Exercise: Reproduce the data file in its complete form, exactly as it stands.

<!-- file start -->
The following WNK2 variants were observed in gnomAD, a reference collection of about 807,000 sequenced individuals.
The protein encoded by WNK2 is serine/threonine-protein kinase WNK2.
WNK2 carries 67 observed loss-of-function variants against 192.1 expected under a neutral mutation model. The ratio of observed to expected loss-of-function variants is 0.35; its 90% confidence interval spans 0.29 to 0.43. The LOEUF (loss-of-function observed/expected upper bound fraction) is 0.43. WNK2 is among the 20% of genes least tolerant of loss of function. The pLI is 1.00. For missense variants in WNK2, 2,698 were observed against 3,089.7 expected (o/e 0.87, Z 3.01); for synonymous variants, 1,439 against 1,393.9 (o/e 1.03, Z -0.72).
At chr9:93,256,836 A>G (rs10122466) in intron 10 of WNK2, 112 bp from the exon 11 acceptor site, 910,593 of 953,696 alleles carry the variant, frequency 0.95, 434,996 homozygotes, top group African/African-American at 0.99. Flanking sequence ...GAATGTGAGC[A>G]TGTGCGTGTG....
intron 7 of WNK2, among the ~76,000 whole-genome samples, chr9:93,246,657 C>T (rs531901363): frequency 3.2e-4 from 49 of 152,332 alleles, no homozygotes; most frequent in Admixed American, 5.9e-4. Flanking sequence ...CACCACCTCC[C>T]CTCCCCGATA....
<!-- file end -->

The following WNK2 variants were observed in gnomAD, a reference collection of about 807,000 sequenced individuals.
The protein encoded by WNK2 is serine/threonine-protein kinase WNK2.
WNK2 carries 67 observed loss-of-function variants against 192.1 expected under a neutral mutation model. The ratio of observed to expected loss-of-function variants is 0.35; its 90% confidence interval spans 0.29 to 0.43. The LOEUF (loss-of-function observed/expected upper bound fraction) is 0.43. WNK2 is among the 20% of genes least tolerant of loss of function. The pLI is 1.00. For missense variants in WNK2, 2,698 were observed against 3,089.7 expected (o/e 0.87, Z 3.01); for synonymous variants, 1,439 against 1,393.9 (o/e 1.03, Z -0.72).
At chr9:93,256,836 A>G (rs10122466) in intron 10 of WNK2, 112 bp from the exon 11 acceptor site, 910,593 of 953,696 alleles carry the variant, frequency 0.95, 434,996 homozygotes, top group African/African-American at 0.99. Flanking sequence ...GAATGTGAGC[A>G]TGTGCGTGTG....
intron 7 of WNK2, among the ~76,000 whole-genome samples, chr9:93,246,657 C>T (rs531901363): frequency 3.2e-4 from 49 of 152,332 alleles, no homozygotes; most frequent in Admixed American, 5.9e-4. Flanking sequence ...CACCACCTCC[C>T]CTCCCCGATA....